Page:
Arthur Conan Doyle famously depicts Sherlock Holmes in A Study in Scarlet as the kind of eccentric genius who manages to be oblivious of even some of the most commonplace bits of human knowledge.
The faithful Dr. Watson was quite dismayed:
My surprise reached a climax, however, when I found incidentally that he was ignorant of the Copernican Theory and of the composition of the Solar System. That any civilized human being in this nineteenth century should not be aware that the earth travelled round the sun appeared to be to me such an extraordinary fact that I could hardly realize it.Holmes was entirely unrepentant because heliocentricity was of no conceivable use in his work as a private investigator. The arrangement of the solar system was therefore mere mental clutter, more likely to get in the way than to inform.
“You appear to be astonished,” he said, smiling at my expression of surprise.
This past week I found out who LeBron James is. I really didn't know before then. Honest. I am not kidding. Since I pay not the least attention to sports, why should I know its players?
I understand the counterargument. After all, when something is the obsessive topic of conversation in all quarters, how can one be ignorant of it? How oblivious can one be?
I confess that I have inherited some of my father's disdain for the uninformed. Dad delights in recounting episodes of Jay Leno's “Jaywalking,” in which the talk-show host trolls the streets of Burbank for clueless idiots. (It's southern California, folks. The population is plenty big enough for Jay to scoop up a great catch.) We get to point and hoot at dummies and feel superior. Most of us like feeling superior. I know that I do, although I occasionally remind myself not to let it show too much.
The media frenzy over LeBron James and the overhyped coverage of his decision to relocate (which I understand involves switching teams) has helped me to better understand how ignorance works. I am my own case study.
A few years ago I posted an item on my complete lack of interest in sports of any kind. I neither care, nor pretend to care, about whatever sport is currently on TV or at the local sports arena. My old college roommate was himself a sports nut, but we had a nice accommodation: He got immediate dibs on the sports pages that I would have otherwise discarded unread from my newspaper subscriptions and he didn't hassle me about my asportuality. Win-win, as they say.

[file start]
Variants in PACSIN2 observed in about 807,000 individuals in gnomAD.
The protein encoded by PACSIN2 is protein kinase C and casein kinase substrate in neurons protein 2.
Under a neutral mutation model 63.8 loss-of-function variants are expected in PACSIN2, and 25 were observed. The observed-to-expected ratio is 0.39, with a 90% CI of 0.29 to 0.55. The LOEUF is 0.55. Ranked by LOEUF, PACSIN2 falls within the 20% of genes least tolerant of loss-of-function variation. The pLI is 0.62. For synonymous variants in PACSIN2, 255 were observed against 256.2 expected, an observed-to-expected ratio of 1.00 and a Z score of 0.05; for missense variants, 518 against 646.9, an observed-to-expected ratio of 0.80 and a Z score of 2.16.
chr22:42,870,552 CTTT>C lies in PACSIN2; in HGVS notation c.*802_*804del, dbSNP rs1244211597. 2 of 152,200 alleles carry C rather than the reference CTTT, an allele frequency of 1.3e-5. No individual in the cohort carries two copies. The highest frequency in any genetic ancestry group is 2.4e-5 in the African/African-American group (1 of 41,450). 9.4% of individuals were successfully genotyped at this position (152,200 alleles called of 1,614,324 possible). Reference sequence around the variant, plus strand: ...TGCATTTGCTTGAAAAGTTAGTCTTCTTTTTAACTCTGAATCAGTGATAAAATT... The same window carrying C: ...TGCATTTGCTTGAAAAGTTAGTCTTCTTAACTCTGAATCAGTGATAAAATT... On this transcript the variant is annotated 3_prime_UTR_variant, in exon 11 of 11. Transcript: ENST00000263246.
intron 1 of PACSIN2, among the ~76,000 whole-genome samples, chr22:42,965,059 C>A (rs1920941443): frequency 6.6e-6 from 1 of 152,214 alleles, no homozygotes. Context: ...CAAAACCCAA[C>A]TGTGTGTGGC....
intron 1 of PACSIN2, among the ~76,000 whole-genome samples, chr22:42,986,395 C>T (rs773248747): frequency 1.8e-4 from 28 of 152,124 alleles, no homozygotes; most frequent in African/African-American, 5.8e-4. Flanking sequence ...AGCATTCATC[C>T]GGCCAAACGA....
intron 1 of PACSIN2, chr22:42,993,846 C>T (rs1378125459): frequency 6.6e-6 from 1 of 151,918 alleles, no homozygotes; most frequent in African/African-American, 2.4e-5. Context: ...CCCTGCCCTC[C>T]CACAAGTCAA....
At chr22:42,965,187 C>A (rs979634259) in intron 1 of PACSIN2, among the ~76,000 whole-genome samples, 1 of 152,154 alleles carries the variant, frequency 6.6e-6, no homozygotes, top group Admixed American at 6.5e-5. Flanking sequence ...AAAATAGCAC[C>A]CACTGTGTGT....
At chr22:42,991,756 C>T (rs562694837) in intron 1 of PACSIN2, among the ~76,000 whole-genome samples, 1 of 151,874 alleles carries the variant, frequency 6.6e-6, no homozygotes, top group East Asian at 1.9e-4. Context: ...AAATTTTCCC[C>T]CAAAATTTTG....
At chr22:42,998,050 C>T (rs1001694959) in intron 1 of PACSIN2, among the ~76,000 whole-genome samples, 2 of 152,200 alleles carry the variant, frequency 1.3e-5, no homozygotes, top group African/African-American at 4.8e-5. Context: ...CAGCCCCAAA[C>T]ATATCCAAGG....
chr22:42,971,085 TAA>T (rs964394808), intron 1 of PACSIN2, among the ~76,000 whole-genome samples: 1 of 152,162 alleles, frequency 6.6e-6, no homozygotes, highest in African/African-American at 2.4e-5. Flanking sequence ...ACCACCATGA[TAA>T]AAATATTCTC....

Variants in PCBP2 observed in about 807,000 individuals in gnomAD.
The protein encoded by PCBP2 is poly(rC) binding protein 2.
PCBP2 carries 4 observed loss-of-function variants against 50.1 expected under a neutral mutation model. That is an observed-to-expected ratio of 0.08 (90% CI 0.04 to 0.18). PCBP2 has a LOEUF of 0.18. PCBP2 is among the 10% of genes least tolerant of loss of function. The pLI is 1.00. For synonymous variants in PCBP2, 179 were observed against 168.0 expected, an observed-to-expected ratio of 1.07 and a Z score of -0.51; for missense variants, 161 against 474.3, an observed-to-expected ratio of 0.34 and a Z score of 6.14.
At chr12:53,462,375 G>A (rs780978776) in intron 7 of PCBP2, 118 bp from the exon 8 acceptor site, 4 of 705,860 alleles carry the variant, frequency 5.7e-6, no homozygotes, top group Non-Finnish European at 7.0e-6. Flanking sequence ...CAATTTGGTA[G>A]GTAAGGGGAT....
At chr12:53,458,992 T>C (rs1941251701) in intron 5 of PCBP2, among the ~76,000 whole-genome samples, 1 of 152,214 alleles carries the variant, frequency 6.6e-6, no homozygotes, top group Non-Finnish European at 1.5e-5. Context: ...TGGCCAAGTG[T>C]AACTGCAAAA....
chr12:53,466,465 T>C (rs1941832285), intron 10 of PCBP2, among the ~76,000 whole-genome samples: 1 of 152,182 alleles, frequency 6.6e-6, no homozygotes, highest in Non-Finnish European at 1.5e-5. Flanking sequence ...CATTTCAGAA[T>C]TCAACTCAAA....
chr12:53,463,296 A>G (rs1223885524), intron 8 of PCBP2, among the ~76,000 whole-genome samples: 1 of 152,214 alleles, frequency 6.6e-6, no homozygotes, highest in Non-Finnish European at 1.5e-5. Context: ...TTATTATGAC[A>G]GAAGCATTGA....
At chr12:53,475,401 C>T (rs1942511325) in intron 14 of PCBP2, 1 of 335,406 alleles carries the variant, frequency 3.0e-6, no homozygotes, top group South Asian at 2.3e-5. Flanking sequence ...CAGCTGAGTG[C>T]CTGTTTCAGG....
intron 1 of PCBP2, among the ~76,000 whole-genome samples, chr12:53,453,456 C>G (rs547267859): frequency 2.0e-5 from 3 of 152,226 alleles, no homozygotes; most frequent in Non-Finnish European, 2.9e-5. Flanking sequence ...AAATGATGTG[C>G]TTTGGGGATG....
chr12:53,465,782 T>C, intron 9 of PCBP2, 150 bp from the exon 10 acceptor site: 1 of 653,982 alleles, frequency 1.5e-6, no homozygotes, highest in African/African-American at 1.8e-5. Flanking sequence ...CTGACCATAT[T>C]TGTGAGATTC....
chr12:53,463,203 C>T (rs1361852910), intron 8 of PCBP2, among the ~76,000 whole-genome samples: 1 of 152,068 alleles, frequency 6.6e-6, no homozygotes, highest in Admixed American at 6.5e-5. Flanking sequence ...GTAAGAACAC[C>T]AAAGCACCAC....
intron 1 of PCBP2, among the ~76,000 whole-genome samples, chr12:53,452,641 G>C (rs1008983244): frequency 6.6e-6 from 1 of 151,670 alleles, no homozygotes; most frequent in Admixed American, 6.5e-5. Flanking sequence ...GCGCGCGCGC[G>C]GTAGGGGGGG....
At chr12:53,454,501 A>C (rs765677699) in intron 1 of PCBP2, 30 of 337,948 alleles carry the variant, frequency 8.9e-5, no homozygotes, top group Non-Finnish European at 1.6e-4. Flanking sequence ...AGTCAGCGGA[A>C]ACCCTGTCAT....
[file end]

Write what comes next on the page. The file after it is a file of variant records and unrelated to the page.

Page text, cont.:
There's an important clue in that previous paragraph. I never read the sports page. I always tossed it aside without looking at it. That's one big step toward ignorance about sports. There are others, of course. I never watched sports on television and if family and friends turned it on, I would leave the room and find something to read. If a sports report came up on the radio, I punched a button for another station.
This behavior started early and it meant I uniformly and casually shunned or shunted aside any stream of boring information about sports (and it was all boring). It became second-nature and I maintained my ignorance with scarcely any effort. Only when the fabulous Mr. James became the focus of every media outlet in the world and his story led Google News and occupied the headline on every radio station I listen to and every TV channel I watch did I finally learn his identity. It was amazingly intrusive and it penetrated my powerful barriers of uncaring.
Is this what it's like for the people who say they don't care about politics and don't even know who is the president of the United States? (Such people exist, and not only on Fox.) Is it this way for people who neither know nor care about science? And history (and are doomed to repeat it)? I seem to have learned a lesson about ignorance, which amuses me a little. Yes ... I have knowledge of ignorance.
“Now that I do know it I shall do my best to forget it.”
Right on, Sherlock!